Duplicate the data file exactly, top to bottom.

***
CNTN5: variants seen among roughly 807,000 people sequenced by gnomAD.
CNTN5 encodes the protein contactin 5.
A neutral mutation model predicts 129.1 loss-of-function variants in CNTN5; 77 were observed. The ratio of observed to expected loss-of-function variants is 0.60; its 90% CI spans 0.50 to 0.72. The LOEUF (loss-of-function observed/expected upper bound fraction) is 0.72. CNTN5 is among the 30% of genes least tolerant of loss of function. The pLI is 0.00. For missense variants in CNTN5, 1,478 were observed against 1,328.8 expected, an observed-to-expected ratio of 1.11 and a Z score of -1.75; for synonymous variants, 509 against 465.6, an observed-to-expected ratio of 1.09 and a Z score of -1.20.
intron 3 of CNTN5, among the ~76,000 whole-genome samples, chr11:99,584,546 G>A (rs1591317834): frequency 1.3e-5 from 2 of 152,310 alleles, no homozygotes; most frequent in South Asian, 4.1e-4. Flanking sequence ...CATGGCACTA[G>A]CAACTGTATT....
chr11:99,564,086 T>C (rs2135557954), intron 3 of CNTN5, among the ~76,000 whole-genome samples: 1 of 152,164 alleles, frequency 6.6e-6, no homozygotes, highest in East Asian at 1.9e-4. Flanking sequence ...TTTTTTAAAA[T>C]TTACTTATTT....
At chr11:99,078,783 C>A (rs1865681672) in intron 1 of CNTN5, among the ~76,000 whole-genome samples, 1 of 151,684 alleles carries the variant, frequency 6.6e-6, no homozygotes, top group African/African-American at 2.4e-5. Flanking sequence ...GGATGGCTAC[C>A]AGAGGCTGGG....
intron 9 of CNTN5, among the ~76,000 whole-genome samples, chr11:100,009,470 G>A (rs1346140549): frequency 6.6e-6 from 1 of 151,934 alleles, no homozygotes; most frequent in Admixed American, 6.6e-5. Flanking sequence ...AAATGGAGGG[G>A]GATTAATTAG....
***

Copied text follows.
CNTN5: variants seen among roughly 807,000 people sequenced by gnomAD.
CNTN5 encodes the protein contactin 5.
A neutral mutation model predicts 129.1 loss-of-function variants in CNTN5; 77 were observed. The ratio of observed to expected loss-of-function variants is 0.60; its 90% CI spans 0.50 to 0.72. The LOEUF (loss-of-function observed/expected upper bound fraction) is 0.72. CNTN5 is among the 30% of genes least tolerant of loss of function. The pLI is 0.00. For missense variants in CNTN5, 1,478 were observed against 1,328.8 expected, an observed-to-expected ratio of 1.11 and a Z score of -1.75; for synonymous variants, 509 against 465.6, an observed-to-expected ratio of 1.09 and a Z score of -1.20.
intron 3 of CNTN5, among the ~76,000 whole-genome samples, chr11:99,584,546 G>A (rs1591317834): frequency 1.3e-5 from 2 of 152,310 alleles, no homozygotes; most frequent in South Asian, 4.1e-4. Flanking sequence ...CATGGCACTA[G>A]CAACTGTATT....
chr11:99,564,086 T>C (rs2135557954), intron 3 of CNTN5, among the ~76,000 whole-genome samples: 1 of 152,164 alleles, frequency 6.6e-6, no homozygotes, highest in East Asian at 1.9e-4. Flanking sequence ...TTTTTTAAAA[T>C]TTACTTATTT....
At chr11:99,078,783 C>A (rs1865681672) in intron 1 of CNTN5, among the ~76,000 whole-genome samples, 1 of 151,684 alleles carries the variant, frequency 6.6e-6, no homozygotes, top group African/African-American at 2.4e-5. Flanking sequence ...GGATGGCTAC[C>A]AGAGGCTGGG....
intron 9 of CNTN5, among the ~76,000 whole-genome samples, chr11:100,009,470 G>A (rs1346140549): frequency 6.6e-6 from 1 of 151,934 alleles, no homozygotes; most frequent in Admixed American, 6.6e-5. Flanking sequence ...AAATGGAGGG[G>A]GATTAATTAG....